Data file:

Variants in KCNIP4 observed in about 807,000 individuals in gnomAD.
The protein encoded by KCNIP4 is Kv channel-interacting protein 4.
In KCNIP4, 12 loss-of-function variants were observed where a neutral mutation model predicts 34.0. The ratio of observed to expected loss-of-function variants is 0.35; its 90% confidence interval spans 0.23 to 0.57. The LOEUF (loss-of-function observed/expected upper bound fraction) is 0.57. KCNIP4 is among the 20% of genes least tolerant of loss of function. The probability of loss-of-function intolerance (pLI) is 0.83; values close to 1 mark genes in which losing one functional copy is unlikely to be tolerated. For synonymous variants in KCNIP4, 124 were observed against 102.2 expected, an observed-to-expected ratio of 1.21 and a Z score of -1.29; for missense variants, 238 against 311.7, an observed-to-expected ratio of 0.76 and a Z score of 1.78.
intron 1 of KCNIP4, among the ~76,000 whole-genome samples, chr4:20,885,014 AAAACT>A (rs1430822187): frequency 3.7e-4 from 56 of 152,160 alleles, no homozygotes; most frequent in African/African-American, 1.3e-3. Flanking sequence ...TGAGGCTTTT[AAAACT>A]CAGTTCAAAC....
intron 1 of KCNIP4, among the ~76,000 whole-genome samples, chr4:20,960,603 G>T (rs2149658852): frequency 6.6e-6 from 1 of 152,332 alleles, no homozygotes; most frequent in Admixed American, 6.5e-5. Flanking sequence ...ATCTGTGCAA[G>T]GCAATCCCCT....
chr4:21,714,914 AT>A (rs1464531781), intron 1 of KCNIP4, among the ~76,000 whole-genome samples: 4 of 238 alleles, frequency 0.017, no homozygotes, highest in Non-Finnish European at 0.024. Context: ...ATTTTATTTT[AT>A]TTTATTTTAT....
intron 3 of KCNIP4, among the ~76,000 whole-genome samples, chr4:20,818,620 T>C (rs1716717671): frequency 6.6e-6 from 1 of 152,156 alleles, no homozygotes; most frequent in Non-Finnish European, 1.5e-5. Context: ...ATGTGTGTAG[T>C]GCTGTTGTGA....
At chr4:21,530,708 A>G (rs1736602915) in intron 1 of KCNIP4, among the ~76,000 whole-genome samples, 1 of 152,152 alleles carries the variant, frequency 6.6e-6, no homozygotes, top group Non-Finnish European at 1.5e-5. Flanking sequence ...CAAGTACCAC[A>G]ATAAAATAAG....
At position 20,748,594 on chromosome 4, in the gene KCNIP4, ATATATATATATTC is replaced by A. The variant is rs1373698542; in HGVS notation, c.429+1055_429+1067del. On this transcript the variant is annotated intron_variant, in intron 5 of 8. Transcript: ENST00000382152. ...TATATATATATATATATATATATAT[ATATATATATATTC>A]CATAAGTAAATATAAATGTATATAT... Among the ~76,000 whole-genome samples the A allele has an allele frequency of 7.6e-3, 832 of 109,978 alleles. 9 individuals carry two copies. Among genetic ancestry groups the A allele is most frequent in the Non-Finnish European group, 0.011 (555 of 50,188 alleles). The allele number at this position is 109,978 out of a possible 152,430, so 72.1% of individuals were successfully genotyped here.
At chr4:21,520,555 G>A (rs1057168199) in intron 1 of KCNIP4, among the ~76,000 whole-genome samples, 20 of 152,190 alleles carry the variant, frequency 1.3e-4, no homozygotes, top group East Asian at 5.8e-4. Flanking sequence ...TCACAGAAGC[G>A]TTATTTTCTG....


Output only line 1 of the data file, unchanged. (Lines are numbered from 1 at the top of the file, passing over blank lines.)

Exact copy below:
Variants in KCNIP4 observed in about 807,000 individuals in gnomAD.